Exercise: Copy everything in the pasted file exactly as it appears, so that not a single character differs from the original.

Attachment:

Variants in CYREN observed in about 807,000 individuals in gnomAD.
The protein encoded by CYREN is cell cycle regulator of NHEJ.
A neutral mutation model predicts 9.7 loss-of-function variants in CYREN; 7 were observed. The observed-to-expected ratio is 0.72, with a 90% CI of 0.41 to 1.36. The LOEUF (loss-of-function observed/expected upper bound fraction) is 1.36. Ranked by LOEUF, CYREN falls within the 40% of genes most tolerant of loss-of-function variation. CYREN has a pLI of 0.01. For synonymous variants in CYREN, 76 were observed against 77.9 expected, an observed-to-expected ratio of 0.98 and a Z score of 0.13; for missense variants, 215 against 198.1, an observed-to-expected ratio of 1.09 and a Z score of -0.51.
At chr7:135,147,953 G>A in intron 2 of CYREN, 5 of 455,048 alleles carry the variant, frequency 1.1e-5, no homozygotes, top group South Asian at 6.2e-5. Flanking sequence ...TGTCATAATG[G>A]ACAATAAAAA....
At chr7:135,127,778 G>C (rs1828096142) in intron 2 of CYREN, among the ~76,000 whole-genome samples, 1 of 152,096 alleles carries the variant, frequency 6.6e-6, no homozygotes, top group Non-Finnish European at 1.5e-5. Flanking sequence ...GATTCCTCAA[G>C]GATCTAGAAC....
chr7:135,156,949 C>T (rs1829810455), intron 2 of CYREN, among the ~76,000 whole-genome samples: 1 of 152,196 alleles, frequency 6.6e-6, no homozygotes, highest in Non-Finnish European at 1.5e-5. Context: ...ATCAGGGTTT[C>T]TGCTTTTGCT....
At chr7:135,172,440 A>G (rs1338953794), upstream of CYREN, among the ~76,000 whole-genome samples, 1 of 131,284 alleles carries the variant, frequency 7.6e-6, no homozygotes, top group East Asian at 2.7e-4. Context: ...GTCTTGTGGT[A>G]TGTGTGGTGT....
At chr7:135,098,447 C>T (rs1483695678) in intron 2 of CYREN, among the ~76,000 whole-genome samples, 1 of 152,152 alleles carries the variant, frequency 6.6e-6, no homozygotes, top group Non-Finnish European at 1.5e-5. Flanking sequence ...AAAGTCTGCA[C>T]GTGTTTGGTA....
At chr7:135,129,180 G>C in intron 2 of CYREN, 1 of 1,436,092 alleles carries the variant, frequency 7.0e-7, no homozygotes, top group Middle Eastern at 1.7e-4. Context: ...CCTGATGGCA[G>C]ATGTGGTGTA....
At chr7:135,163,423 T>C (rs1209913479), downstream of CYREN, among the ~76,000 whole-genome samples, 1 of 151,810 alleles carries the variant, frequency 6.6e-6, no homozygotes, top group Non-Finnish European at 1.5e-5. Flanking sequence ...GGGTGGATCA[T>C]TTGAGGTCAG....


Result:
Variants in CYREN observed in about 807,000 individuals in gnomAD.
The protein encoded by CYREN is cell cycle regulator of NHEJ.
A neutral mutation model predicts 9.7 loss-of-function variants in CYREN; 7 were observed. The observed-to-expected ratio is 0.72, with a 90% CI of 0.41 to 1.36. The LOEUF (loss-of-function observed/expected upper bound fraction) is 1.36. Ranked by LOEUF, CYREN falls within the 40% of genes most tolerant of loss-of-function variation. CYREN has a pLI of 0.01. For synonymous variants in CYREN, 76 were observed against 77.9 expected, an observed-to-expected ratio of 0.98 and a Z score of 0.13; for missense variants, 215 against 198.1, an observed-to-expected ratio of 1.09 and a Z score of -0.51.
At chr7:135,147,953 G>A in intron 2 of CYREN, 5 of 455,048 alleles carry the variant, frequency 1.1e-5, no homozygotes, top group South Asian at 6.2e-5. Flanking sequence ...TGTCATAATG[G>A]ACAATAAAAA....
At chr7:135,127,778 G>C (rs1828096142) in intron 2 of CYREN, among the ~76,000 whole-genome samples, 1 of 152,096 alleles carries the variant, frequency 6.6e-6, no homozygotes, top group Non-Finnish European at 1.5e-5. Flanking sequence ...GATTCCTCAA[G>C]GATCTAGAAC....
chr7:135,156,949 C>T (rs1829810455), intron 2 of CYREN, among the ~76,000 whole-genome samples: 1 of 152,196 alleles, frequency 6.6e-6, no homozygotes, highest in Non-Finnish European at 1.5e-5. Context: ...ATCAGGGTTT[C>T]TGCTTTTGCT....
At chr7:135,172,440 A>G (rs1338953794), upstream of CYREN, among the ~76,000 whole-genome samples, 1 of 131,284 alleles carries the variant, frequency 7.6e-6, no homozygotes, top group East Asian at 2.7e-4. Context: ...GTCTTGTGGT[A>G]TGTGTGGTGT....
At chr7:135,098,447 C>T (rs1483695678) in intron 2 of CYREN, among the ~76,000 whole-genome samples, 1 of 152,152 alleles carries the variant, frequency 6.6e-6, no homozygotes, top group Non-Finnish European at 1.5e-5. Flanking sequence ...AAAGTCTGCA[C>T]GTGTTTGGTA....
At chr7:135,129,180 G>C in intron 2 of CYREN, 1 of 1,436,092 alleles carries the variant, frequency 7.0e-7, no homozygotes, top group Middle Eastern at 1.7e-4. Context: ...CCTGATGGCA[G>C]ATGTGGTGTA....
At chr7:135,163,423 T>C (rs1209913479), downstream of CYREN, among the ~76,000 whole-genome samples, 1 of 151,810 alleles carries the variant, frequency 6.6e-6, no homozygotes, top group Non-Finnish European at 1.5e-5. Flanking sequence ...GGGTGGATCA[T>C]TTGAGGTCAG....